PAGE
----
Q&A For Digital Photography
This department will attempt to provide solutions to problems readers may have getting into and using digital cameras, scanning, and using digital photographic images with a computer and different kinds of software. All questions sent to me will be answered with the most appropriate information I can access and provide. However, not all questions and answers will appear in this department. Readers can send questions to me addressed to Shutterbug magazine, through the Shutterbug web site, directly via e-mail to: email@example.com or firstname.lastname@example.org or by US Mail to: PO Box 2830, Lompoc, CA 93438.
The Limits Of Enlargement
A. Yes, Genuine Fractals does a good job. But, the limit is that it cannot add any information that is lacking in the low-resolution original. No one notices that because they never see a comparison between the Genuine Fractals image and one made of the same scene captured at a high resolution. If you did, then Genuine Fractals would not look so good. There is a lot of difference in how much image information is in a 9MB image file and a 60MB image file.
Color Correction &
Color Management Applies To Digital Camera Images, Too
There could be a number of reasons why you are not obtaining the contrast
and saturation in your prints. First of all, if the image on your computer's
screen in Photoshop looks the way you would like a print to appear, then
it is likely what you are seeing on screen does not accurately represent
what is in the image file in terms of contrast and saturation. This could
be due to working with a computer that is not set up to support color
management, and would be indicative of a monitor that is not calibrated
or profiled. This problem could be contributed further if your Photoshop
setup in Preferences does not enable color management.
A. Most scanners do not provide film holders for unusual sizes like 6x12 and 6x17cm film. I have many images that I have scanned from 6x12cm film images. I have made my own frame-type film holders to do this out of either thick, stiff plastic or compressed, heavy card stock. The thickness of this material should be as close as possible to the thickness of the Epson film holder where it supports the film above the scanner's glass scan surface. I have found materials that work quite well in office supply stores by selecting things like dividers for file cabinets and covers for reports and adapting them to my use. When I have found the material that will do the job, preferably in black, I then use an Exacto knife and steel ruler to cut the outer and inner perimeters of the frame. To mount a film image on the frame I use repositionable Scotch tape at the edges of the film to hold it securely to the frame I ave made.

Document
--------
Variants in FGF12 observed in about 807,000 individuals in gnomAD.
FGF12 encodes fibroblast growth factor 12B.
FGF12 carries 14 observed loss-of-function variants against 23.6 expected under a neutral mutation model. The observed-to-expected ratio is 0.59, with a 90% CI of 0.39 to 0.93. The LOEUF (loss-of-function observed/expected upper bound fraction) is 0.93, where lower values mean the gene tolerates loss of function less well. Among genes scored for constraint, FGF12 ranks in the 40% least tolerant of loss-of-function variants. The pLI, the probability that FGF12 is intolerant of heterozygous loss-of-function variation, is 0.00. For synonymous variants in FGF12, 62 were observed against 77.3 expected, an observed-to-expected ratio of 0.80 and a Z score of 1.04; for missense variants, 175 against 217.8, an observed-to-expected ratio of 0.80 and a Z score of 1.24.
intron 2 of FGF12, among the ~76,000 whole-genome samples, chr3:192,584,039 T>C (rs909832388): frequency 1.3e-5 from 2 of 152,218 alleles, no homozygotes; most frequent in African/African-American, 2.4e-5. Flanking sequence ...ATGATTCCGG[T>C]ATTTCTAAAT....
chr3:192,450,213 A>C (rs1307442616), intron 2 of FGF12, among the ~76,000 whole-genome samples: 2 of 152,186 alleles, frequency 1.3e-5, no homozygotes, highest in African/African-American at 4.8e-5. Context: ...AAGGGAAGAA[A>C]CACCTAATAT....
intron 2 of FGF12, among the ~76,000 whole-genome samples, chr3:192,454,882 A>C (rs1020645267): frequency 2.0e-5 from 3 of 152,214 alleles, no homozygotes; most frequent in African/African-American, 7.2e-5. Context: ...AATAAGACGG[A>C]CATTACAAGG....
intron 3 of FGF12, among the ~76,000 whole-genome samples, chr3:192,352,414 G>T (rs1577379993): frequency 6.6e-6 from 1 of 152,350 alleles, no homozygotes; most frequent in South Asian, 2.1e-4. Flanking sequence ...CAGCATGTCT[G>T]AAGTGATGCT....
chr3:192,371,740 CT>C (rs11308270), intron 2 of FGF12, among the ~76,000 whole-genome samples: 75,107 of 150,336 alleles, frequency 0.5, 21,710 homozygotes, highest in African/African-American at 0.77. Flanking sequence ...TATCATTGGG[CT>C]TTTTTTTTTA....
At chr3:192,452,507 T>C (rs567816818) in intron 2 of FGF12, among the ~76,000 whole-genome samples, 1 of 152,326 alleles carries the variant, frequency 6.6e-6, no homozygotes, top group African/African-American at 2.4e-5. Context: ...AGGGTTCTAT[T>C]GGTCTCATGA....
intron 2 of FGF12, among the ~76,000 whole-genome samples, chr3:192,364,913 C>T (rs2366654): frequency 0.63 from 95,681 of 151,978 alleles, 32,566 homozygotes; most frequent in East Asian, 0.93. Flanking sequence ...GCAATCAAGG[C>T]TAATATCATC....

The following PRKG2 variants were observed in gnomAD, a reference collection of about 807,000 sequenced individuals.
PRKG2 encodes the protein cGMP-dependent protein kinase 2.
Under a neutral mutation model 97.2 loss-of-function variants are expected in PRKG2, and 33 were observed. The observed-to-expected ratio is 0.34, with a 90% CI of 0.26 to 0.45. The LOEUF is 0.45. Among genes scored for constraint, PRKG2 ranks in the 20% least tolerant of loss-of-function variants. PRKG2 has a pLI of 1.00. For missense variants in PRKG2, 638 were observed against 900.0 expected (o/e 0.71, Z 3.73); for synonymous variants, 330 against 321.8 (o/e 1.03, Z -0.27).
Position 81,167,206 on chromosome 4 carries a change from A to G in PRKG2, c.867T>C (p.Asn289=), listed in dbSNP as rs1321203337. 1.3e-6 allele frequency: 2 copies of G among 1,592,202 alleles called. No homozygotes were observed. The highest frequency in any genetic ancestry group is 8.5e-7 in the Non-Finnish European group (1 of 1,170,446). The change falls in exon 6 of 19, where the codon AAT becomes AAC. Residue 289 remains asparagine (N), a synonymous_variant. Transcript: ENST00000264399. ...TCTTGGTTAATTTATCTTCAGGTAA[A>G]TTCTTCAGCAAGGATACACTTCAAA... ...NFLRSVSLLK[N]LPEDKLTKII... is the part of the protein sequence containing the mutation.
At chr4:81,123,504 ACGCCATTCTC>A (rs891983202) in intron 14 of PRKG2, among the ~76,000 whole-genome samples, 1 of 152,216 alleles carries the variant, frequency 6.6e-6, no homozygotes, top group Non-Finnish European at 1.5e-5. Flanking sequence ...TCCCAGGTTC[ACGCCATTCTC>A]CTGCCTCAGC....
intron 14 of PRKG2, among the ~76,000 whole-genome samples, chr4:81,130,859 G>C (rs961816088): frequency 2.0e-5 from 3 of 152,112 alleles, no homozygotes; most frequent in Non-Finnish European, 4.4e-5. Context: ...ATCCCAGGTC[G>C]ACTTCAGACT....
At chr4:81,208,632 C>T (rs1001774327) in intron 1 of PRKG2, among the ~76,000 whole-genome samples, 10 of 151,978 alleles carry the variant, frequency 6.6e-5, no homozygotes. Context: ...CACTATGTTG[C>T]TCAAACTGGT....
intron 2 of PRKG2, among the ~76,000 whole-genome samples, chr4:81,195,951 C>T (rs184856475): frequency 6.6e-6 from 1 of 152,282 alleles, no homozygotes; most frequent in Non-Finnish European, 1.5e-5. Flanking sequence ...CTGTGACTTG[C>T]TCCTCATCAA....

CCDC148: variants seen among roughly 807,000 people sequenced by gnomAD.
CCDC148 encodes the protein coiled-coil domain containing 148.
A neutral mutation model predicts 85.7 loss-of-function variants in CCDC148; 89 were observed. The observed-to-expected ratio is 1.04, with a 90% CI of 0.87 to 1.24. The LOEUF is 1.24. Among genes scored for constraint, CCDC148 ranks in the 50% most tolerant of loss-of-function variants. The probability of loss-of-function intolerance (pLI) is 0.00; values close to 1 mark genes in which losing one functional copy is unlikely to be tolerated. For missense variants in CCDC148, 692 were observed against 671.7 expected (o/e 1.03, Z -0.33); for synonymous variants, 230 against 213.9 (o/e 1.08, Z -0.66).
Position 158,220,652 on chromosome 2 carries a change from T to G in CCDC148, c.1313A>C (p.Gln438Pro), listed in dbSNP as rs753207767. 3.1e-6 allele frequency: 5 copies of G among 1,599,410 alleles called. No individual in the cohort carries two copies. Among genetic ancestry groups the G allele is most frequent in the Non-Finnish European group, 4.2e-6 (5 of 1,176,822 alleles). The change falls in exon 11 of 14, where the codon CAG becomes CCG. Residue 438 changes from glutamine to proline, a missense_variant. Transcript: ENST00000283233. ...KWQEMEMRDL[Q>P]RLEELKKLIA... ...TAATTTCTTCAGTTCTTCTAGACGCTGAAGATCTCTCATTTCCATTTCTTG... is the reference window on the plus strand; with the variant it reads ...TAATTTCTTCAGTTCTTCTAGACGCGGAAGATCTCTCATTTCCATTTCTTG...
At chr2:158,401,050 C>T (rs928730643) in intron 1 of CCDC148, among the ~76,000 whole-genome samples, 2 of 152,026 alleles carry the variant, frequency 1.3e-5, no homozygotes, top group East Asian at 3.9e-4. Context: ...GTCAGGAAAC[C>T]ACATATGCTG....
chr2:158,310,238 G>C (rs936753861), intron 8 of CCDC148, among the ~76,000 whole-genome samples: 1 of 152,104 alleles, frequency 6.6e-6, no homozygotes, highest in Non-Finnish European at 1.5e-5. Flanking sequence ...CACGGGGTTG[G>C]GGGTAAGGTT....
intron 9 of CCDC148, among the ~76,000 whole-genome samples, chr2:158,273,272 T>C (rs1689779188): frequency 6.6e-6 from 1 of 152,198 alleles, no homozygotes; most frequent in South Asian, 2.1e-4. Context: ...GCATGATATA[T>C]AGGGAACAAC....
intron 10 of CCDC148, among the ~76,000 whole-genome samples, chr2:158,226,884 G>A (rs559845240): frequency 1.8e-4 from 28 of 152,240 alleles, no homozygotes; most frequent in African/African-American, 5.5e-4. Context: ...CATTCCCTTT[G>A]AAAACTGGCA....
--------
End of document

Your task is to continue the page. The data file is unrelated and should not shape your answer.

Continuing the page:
A. We have a similarly dry climate here in California much of the year. Two things will help: 1) Never leave your printer turned on when not actually in use--this will keep air from getting at the print head and reduce any drying out. 2) Avoid letting your printer sit even turned off for extended periods of time (days). If a printer is used every day it is less likely to perform inconsistently. A copy of the print test image is attached to this e-mail reply.
Two Scanners Better
A. The Epson Perfection 2450 Photo scanner has been replaced by the new Epson Perfection 3200 PHOTO and PRO. I have one of the PRO models and tested it for a report in this issue. This new scanner is just now becoming available through sources like B&H. Besides an 800dpi increase in resolution, this new 3200 PRO comes with a generous software bundle including the full LaserSoft SilverFast Ai 6.0 software I just reported on recently in Shutterbug. If you do not want to spend the money on the Microtek ArtixScan 4000tf, I would suggest considering the Canon or Minolta 35mm scanners at more affordable prices. As far as I know every published photo today is scanned and digitized for CMYK conversion to go to an offset press. The making and use of separation negatives on film was abandoned in the publishing industry some years ago.
Which Mac G4 Model
For A Digital Darkroom
Black And White Film
A. The "poor job" you referred to regarding the scanning of black and white has not been a physical fault of the scanners but due to the fact little development has been done until recently in scanner driver software that adequately supports black and white silver-based film scanning. That is why I wrote an article on black and white scanning that was published in Shutterbug some issues back. A more recent article reviewed the Microtek ArtixScan 4000tf and LaserSoft SilverFast Ai 6.0, which has very improved black and white film scanning support. Since that review was published I acquired a 4000tf with SilverFast 6.0 for my own use, which includes about 75 percent scanning black and white, and am quite satisfied with the performance. I believe you would be able to access both of the mentioned articles on our web site at www.shutterbug.net.
- Nikon Unveils AF-S Nikkor 105mm F/1.4E ED to Celebrate 100 Million Lens Milestone
- Long Glass: Our Favorite Telephoto and Zoom Lenses for Getting Close to the Action
- Getty Photographers Covering the Upcoming Rio Olympics Won’t Be Hurting for High-End Gear
- Need Help with Adobe Lightroom? This Helpful Six-Minute Video Tutorial Covers All the Basics
- Watch This Slow Mo Video Shot at 1000 Frames per Second and Try Not to Laugh: We Dare You!